Air Combat Maneuvering
To pull out of a spiral, begin 1,500-3,000 ft above the deck, depending on your nose attitude. If the bogey
begins to pull out first, roll your aircraft about your own axis while placing your lift vector behind the bogey
in an attempt to gain the advantage. If the bogey does not pull out early, judge your own successful pullout
to avoid the deck, allowing the bogey to drive himself into the deck. If at any time the bogey overshoots
vertically in the spiral, maintain your offensive advantage and be continuously aware of the deck.
You must be cautious when executing a defensive diving spiral since descent rates in excess of 30,000
fpm may occur. Typically, expect 8,000 plus ft of altitude loss per 360 degrees of turn.
Another last-ditch maneuver, the high-g roll disrupts the bogeys guns tracking solution while attempting to
force an overshoot. The bogey will have trouble tracking due both to dramatic changes in the three axes
(pitch, yaw, roll) and to the increase in closure. If executed correctly, this maneuver will spit the bogey
outside your turn, resulting in a possible scissors.
Figure 24: HIGH-G ROLL OVER THE TOP
High-g roll maneuvers are extremely range critical. Executing a high-g roll when the bogey is outside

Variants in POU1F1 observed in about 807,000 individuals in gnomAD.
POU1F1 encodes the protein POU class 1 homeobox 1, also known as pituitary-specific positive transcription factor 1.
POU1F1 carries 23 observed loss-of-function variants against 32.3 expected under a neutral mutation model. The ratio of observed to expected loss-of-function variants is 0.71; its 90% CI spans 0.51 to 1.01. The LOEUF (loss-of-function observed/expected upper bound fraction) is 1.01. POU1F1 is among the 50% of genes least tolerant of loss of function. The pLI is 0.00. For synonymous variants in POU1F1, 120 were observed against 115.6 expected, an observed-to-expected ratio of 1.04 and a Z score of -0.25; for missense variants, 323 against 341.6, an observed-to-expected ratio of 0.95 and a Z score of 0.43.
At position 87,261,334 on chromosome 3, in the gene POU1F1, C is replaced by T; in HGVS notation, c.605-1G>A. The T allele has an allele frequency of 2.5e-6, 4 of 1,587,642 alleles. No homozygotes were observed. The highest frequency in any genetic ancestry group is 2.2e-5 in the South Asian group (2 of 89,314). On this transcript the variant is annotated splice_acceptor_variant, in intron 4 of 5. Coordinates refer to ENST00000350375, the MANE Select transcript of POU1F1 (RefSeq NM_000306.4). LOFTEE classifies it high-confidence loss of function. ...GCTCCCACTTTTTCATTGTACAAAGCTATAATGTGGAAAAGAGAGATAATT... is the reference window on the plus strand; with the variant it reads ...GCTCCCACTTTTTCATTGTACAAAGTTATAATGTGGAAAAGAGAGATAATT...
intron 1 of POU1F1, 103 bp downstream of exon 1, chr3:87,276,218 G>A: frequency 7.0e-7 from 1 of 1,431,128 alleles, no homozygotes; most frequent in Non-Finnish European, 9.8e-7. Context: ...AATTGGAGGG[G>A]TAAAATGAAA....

1,500 ft will allow the bogey to position himself for an easy shot. Within 1,500 ft, you must continue to
generate as much closure as possible while maneuvering out-of-plane to avoid getting shot. Determining
what direction to maneuver depends on your airspeed and altitude. For airspeeds above 275 KIAS,
execute a nose-high (over-the-top) roll. For airspeed below 275 KIAS, execute a nose-low (underneath)
roll. However, going underneath will require at least 2,000 ft above the deck.
To execute the high-g roll over the top as in Figure 24, attempt to force an overshoot by increasing back
stick (to buffet, if necessary), reducing power, and extending your speed brakes. Once you have
established an overshoot, apply top rudder while maintaining g to roll the aircraft opposite to the direction
of turn. While inverted, increase your rate of roll by combining back stick, rudder, and aileron to avoid a
nose-low condition. Through 270 degrees of roll, continue to apply top rudder to control your nose, and
check the bogeys position. Recover nose-high into the bogey, retract your speed brakes, and add
An advantage of the high-g roll over the top is that it usually results in a greater overshoot, possibly
allowing you to gain an offensive position by reversing back toward the bogey as he overshoots. A
T-45C Revision 1
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